Upcycling” is the term used to describe the ingenious practice of making a new usable (and even fashionable!) product out of old or unwanted items, in such a way to generate value from reused resources and give them a second life.

This expression, heard for the first time in 1994 in an interview to Reiner Pilz (a German entrepreneur), has more recently found an impressive appraisal from people all around the world desirous to engage in such an environmentally friendly and creative practice.

Nevertheless, the peak in related searches on the Internet together with the expansion of social media channels, have given such a global audience to upcycling until the point of being elected word of the year 2019 from the Cambridge Dictionary.

Differently from other well-known recycling activities, the encouraging habit of upcycling involves benefits such as relatively null costs of production, no usage of energy nor the need for additional gas emissions, and not to mention the massive reduction of waste directed to our landfills.
Basically, the logic behind upcycling is that of circular economy, aimed at promoting a more sustainable model of production in contrast to the traditional linear economy and its detrimental ‘take, make, dispose’ approach.

One example is clearly that of the fashion industry, in which textiles and materials can easily find alternative applications (did you know that ASOS has an own line of clothing entirely made out of vintage and reworked clothes?), or they can be derived from wasted items (for instance Timberland has partnered with a tire manufacturer in order to make footwear out of old tires).
More than 16 million tons of waste were generated by the fashion industry in the US in 2014 according to the EPA, and more than 10 million tons were directed to landfills. 
The room for further efforts in the direction of upcycling (and recycling in general), with more than 70% of the world’s population using secondary clothes), is still enormous.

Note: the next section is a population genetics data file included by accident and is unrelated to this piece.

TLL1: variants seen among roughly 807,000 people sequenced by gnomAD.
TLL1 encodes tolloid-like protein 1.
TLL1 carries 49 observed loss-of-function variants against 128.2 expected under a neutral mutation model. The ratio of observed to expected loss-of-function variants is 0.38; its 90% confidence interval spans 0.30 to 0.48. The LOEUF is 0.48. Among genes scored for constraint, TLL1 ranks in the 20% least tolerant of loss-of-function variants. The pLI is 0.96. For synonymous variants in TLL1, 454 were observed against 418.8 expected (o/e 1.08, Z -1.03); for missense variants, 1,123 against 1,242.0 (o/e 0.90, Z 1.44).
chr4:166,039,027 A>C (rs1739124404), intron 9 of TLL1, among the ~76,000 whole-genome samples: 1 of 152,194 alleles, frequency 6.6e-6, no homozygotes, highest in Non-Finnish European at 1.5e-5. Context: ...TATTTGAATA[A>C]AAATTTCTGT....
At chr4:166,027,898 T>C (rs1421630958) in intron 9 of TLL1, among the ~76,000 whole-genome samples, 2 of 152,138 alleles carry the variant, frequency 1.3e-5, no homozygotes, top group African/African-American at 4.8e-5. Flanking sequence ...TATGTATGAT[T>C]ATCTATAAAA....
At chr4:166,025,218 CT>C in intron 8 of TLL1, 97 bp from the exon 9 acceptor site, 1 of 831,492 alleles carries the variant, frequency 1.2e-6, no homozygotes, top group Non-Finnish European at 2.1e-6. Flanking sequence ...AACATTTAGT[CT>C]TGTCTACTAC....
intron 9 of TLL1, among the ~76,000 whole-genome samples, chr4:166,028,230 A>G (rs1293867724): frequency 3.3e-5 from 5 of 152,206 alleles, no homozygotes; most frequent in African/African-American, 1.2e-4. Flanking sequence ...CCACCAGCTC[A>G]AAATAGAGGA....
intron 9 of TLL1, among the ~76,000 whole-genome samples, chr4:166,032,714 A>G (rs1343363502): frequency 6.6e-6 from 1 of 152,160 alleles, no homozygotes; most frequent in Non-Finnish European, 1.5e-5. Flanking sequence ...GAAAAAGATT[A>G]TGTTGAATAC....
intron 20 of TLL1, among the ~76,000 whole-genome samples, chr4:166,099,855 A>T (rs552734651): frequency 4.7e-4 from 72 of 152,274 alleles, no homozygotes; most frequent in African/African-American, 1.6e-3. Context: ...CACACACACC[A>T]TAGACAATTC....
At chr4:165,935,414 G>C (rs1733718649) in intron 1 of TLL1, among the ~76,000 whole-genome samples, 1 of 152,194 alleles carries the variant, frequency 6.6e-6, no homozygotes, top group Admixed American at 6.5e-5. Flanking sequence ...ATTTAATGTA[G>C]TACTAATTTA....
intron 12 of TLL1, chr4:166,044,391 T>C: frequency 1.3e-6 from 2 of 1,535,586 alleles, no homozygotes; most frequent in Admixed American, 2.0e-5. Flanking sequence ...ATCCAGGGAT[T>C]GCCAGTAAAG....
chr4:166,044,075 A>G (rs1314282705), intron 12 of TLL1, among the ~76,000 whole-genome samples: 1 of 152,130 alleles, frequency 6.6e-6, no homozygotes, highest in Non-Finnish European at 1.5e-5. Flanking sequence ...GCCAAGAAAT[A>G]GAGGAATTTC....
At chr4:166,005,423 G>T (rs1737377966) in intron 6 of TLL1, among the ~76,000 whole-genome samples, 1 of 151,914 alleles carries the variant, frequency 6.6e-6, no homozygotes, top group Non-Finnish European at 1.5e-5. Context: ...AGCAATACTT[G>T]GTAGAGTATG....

In addition, according to a survey made in 2017, more than 65% of people in the US had upcycled an item at least once. This number is surely expected to grow.

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To conclude, Upcycling represents a rising trend capable of both stimulating eco-friendly lifestyles and empowering the creativity and the innovative attitude of individuals. The deal is real, and don’t forget that this type of behavior is also contagious! 

Are you still doubtful on how to proceed with upcycling? Here are some original ideas:
- Convert an old wood ladder into a rustic bookshelf;
- Transform a bathtub into a couch for your living room;
- Adapt and old tv into an aquarium;
- Use plastic bottles to make a broom for your outdoor;
- Hang a rake to the wall to make a tool rack for your garden activities;
- Transform mason jars or bottles into new age luminaries;
- What about big empty large cable reels used as outdoor tables for your tea with friends?
- Use an old bicycle rim as a fashionable clock;
- Starting from an old tire and using a string you can get yourself a new ottoman;
- Someone has even made a belt out of can tabs;
- Do you know bowlers? They can become very eccentric lamps;
- A globe stand can easily become a chic paper towel order.